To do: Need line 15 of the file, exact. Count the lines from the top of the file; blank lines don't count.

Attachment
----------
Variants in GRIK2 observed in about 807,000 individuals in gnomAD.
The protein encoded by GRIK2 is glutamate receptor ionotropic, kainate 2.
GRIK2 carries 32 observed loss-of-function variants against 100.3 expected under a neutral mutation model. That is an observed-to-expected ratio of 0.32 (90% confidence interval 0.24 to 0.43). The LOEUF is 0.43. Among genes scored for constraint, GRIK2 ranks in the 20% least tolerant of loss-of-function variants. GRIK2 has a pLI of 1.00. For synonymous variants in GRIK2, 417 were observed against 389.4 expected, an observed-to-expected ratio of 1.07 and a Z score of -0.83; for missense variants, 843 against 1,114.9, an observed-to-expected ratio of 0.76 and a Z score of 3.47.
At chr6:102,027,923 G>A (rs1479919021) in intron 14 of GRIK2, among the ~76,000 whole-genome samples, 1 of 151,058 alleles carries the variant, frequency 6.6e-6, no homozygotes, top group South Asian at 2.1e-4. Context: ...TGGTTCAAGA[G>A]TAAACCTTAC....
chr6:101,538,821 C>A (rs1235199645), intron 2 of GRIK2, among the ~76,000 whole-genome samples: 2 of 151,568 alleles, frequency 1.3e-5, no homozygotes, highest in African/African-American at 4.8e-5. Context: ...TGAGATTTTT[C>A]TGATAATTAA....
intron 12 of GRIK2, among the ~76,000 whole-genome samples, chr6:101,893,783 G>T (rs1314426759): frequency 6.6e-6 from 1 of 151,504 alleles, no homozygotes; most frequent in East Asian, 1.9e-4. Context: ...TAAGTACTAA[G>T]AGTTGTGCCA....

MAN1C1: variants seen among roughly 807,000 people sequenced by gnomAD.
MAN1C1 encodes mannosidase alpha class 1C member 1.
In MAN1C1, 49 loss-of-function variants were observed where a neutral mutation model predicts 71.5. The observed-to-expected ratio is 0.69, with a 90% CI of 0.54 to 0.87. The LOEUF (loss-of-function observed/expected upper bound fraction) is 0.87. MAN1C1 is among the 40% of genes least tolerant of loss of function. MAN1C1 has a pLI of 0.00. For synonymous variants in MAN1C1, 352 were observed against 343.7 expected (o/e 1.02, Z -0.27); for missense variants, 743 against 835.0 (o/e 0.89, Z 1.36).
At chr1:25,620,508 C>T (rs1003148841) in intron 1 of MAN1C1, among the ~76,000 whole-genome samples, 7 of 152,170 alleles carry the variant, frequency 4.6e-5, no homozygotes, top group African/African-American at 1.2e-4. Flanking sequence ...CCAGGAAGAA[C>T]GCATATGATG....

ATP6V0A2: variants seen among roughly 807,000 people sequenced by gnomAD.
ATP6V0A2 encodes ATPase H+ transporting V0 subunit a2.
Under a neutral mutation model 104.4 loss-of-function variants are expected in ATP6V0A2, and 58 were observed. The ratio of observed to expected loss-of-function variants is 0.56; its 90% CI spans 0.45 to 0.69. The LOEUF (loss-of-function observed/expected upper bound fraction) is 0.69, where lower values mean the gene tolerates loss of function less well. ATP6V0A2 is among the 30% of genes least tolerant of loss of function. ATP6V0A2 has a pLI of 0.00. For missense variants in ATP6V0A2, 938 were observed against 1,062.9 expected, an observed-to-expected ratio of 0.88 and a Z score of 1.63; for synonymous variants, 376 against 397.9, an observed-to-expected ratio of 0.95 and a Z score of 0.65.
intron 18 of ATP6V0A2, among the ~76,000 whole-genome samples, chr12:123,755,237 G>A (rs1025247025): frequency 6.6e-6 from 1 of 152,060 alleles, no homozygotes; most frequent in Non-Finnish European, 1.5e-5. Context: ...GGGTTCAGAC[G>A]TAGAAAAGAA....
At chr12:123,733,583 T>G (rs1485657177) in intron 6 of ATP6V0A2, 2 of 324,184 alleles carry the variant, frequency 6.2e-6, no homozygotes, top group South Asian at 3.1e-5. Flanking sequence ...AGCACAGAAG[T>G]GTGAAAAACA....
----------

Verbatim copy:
At chr12:123,733,583 T>G (rs1485657177) in intron 6 of ATP6V0A2, 2 of 324,184 alleles carry the variant, frequency 6.2e-6, no homozygotes, top group South Asian at 3.1e-5. Flanking sequence ...AGCACAGAAG[T>G]GTGAAAAACA....